Atty. CARL D. RAFOTH
Thugs belong in prison
I am very upset by Bertram de Souza's column last Sunday. There is indeed a major gun violence problem in the city of Youngstown. But to suggest that those guilty of any sort of crime should be sentenced to military service so that they can be sent over to Iraq to fight and hopefully die is a disgrace. There are many men and women presently fighting and dying in the Middle East right now. These heroic individuals may have made a mistake or two before their military careers began, but the standards to even enter the military anymore have become very stringent. The men and women of our Armed Forces who have fought and died in Iraq and Afghanistan did so to further the principles which they dedicated their lives to: freedom, duty, honor and country.
Those responsible for the gun violence in the city of Youngstown have no honor. Their service is to no one but themselves. They do not care about this country, nor those who have fought and died for her. The only time they ever consider their freedom is when they are arrested and incarcerated. Then they will cry for their rights. They will cry that the police used misconduct and that the prosecutor and the judge are out to get them. You will hear them complain that they are too often locked down in their cells, that the food is terrible and in small portions, that their civil rights are being violated. Yet they do not care about their victim's civil rights, such as a right to life. These thugs only care about themselves.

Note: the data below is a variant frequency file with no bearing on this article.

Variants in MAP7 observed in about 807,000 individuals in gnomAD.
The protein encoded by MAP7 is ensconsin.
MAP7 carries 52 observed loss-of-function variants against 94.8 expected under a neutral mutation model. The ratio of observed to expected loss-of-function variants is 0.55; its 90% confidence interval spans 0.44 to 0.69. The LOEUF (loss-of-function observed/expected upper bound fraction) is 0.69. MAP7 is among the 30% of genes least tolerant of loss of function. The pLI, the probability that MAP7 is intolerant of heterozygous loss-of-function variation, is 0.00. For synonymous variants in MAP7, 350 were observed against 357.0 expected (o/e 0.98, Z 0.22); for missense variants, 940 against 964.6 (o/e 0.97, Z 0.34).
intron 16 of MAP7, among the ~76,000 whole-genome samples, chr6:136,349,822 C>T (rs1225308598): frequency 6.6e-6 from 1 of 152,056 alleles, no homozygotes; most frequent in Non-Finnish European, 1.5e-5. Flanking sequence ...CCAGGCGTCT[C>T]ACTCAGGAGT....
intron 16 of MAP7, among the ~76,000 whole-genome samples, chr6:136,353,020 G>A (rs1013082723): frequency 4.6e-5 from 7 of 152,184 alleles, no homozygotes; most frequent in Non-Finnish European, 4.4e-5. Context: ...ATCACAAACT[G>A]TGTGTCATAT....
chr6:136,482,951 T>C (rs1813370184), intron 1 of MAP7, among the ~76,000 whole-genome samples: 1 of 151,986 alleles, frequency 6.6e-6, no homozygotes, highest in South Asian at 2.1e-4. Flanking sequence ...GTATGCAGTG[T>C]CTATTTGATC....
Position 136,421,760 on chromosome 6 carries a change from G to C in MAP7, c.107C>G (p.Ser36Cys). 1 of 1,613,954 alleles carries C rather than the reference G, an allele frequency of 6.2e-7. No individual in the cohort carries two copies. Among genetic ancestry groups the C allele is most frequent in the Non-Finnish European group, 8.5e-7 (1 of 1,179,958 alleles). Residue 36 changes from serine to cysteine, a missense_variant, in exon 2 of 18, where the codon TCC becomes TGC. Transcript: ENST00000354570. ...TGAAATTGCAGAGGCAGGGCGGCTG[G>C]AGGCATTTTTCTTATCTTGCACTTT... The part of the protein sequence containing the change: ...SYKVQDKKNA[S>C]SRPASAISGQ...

So, to say that these thugs should be sent to fight and die on behalf of this country is an outrage, even if the goal is for punishment. Because those who fight, bleed and die for this country do so from a sense of pride. If you want to make the punishment appropriate for the crime, lobby for prison reform. Right now those incarcerated for any crime are entitled to three hot meals everyday, free health care, heat in the winter, air conditioning in the summer, clean clothes, clean linens, cable television and many other amenities that those law abiding citizens, who work for a living at a real job (not slinging narcotics), can barely afford.
If these thugs want to act like animals, then we should treat them accordingly. But do not disgrace the honor of the American military by saying that gun-toting street rats should fight for the very liberties for which they have no regard.
Former United States Marine
Ship out South Side Soldiers
This letter is to say well done to Bertram de Souza on his column of May 29.
Sending gang bangers to Iraq is a good solution to a bad problem here in Youngstown. Here on the South Side there is a group of young want-to-bes who go by the name South Side Solders. Here is a way for those kids to fulfill that desire and do go for the country. After that reality check, maybe they will see the light of God.
Too bad they couldn't be shipped out by the bus loads right now. This would help with jail over population also.